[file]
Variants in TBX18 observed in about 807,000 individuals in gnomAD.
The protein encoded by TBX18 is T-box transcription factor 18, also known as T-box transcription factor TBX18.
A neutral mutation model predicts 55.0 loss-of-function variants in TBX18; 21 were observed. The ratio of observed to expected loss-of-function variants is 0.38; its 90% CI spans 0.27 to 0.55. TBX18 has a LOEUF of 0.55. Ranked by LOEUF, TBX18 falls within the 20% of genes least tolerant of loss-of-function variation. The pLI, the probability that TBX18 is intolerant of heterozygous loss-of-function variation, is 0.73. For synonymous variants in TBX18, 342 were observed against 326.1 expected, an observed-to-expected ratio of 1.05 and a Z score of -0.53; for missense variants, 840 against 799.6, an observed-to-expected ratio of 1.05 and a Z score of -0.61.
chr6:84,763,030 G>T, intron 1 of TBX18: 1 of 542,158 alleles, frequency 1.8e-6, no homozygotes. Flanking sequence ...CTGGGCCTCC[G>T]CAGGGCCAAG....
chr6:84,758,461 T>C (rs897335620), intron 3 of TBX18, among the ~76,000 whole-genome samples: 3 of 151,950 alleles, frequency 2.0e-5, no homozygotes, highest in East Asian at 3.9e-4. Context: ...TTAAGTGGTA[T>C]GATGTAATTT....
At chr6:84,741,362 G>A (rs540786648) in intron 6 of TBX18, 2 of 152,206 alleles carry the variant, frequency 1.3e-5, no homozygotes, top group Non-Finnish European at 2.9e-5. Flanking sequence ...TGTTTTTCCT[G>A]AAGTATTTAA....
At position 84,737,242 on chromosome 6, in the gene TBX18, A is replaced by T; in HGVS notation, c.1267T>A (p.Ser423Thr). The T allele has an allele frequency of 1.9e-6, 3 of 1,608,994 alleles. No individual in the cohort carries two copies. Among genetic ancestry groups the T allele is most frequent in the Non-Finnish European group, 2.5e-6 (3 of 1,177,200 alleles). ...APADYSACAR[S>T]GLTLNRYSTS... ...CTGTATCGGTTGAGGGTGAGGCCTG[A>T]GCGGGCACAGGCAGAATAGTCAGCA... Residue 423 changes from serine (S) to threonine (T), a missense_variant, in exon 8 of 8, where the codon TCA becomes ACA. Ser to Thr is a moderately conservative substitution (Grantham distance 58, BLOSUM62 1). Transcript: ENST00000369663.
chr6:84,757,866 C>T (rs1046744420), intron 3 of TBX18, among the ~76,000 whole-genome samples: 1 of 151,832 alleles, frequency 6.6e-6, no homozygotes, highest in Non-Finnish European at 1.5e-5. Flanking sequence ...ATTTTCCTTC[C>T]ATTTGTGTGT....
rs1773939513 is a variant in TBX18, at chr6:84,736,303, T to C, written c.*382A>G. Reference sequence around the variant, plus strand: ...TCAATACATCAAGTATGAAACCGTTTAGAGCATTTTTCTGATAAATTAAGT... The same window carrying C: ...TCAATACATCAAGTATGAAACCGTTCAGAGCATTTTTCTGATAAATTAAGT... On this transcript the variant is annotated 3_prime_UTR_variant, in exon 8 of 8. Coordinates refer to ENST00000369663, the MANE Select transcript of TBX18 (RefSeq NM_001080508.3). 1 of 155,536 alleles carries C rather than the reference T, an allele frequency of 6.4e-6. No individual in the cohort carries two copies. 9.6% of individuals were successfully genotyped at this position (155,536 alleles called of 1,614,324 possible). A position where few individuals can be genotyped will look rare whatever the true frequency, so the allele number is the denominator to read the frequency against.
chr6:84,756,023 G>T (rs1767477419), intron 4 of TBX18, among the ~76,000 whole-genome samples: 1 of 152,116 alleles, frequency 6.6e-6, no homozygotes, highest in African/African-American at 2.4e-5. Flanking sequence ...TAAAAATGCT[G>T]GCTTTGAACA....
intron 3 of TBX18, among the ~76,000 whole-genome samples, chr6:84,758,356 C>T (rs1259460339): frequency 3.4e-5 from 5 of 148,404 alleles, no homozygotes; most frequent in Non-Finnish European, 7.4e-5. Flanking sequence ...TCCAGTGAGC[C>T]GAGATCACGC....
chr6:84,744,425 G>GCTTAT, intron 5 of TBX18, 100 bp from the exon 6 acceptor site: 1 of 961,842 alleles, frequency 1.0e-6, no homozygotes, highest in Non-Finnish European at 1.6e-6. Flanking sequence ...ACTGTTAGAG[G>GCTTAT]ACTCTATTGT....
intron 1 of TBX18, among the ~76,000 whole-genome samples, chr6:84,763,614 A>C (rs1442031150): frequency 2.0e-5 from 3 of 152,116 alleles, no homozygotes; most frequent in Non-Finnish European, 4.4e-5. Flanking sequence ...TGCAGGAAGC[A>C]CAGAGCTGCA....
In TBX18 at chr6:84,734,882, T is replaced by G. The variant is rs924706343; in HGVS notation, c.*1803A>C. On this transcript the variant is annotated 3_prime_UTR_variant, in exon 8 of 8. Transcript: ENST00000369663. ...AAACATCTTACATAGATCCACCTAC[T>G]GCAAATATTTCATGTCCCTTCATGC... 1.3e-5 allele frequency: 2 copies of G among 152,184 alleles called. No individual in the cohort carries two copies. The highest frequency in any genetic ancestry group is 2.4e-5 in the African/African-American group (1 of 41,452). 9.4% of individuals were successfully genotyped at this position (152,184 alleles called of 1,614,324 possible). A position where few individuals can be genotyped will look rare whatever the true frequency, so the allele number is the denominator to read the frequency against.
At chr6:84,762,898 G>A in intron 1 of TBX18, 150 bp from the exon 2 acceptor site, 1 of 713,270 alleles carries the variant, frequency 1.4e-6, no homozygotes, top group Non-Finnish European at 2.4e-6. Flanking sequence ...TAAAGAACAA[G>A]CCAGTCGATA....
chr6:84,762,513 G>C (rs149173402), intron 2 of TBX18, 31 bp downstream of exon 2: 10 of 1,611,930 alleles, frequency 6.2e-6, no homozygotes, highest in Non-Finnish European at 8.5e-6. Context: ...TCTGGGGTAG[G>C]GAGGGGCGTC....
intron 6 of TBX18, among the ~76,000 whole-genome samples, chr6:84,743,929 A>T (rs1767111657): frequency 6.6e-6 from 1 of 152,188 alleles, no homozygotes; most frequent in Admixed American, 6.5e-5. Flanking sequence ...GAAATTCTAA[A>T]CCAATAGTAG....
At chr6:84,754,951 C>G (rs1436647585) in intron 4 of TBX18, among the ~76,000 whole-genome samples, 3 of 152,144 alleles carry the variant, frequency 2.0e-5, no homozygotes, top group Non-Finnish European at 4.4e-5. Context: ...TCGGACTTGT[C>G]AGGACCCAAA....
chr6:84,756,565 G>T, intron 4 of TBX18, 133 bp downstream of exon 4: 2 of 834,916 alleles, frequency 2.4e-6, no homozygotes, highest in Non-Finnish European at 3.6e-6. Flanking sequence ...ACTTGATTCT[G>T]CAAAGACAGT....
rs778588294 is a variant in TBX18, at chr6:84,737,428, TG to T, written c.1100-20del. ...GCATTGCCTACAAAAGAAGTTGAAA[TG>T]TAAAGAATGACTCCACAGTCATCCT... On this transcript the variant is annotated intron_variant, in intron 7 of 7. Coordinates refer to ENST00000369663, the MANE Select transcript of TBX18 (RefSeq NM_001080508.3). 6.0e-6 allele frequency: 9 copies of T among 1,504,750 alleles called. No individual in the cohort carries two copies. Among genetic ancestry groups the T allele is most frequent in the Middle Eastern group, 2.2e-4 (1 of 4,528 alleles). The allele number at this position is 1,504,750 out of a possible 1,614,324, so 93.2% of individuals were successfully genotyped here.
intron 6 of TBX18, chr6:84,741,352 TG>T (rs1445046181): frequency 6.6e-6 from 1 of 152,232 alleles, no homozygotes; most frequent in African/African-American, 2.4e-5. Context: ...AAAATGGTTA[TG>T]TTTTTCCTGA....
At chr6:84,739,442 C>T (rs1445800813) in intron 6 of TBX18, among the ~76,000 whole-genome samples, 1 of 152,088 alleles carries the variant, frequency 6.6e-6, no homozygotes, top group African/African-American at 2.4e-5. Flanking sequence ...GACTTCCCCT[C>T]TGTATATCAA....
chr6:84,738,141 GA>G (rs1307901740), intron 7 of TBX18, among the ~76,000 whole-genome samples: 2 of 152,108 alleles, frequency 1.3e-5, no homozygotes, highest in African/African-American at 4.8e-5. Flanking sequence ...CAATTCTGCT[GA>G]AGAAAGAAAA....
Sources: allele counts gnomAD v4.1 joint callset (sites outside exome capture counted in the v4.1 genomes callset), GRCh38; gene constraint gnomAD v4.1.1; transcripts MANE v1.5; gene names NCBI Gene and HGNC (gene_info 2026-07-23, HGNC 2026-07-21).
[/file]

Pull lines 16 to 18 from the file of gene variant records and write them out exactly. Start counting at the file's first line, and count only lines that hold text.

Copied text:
chr6:84,762,513 G>C (rs149173402), intron 2 of TBX18, 31 bp downstream of exon 2: 10 of 1,611,930 alleles, frequency 6.2e-6, no homozygotes, highest in Non-Finnish European at 8.5e-6. Context: ...TCTGGGGTAG[G>C]GAGGGGCGTC....
intron 6 of TBX18, among the ~76,000 whole-genome samples, chr6:84,743,929 A>T (rs1767111657): frequency 6.6e-6 from 1 of 152,188 alleles, no homozygotes; most frequent in Admixed American, 6.5e-5. Flanking sequence ...GAAATTCTAA[A>T]CCAATAGTAG....
At chr6:84,754,951 C>G (rs1436647585) in intron 4 of TBX18, among the ~76,000 whole-genome samples, 3 of 152,144 alleles carry the variant, frequency 2.0e-5, no homozygotes, top group Non-Finnish European at 4.4e-5. Context: ...TCGGACTTGT[C>G]AGGACCCAAA....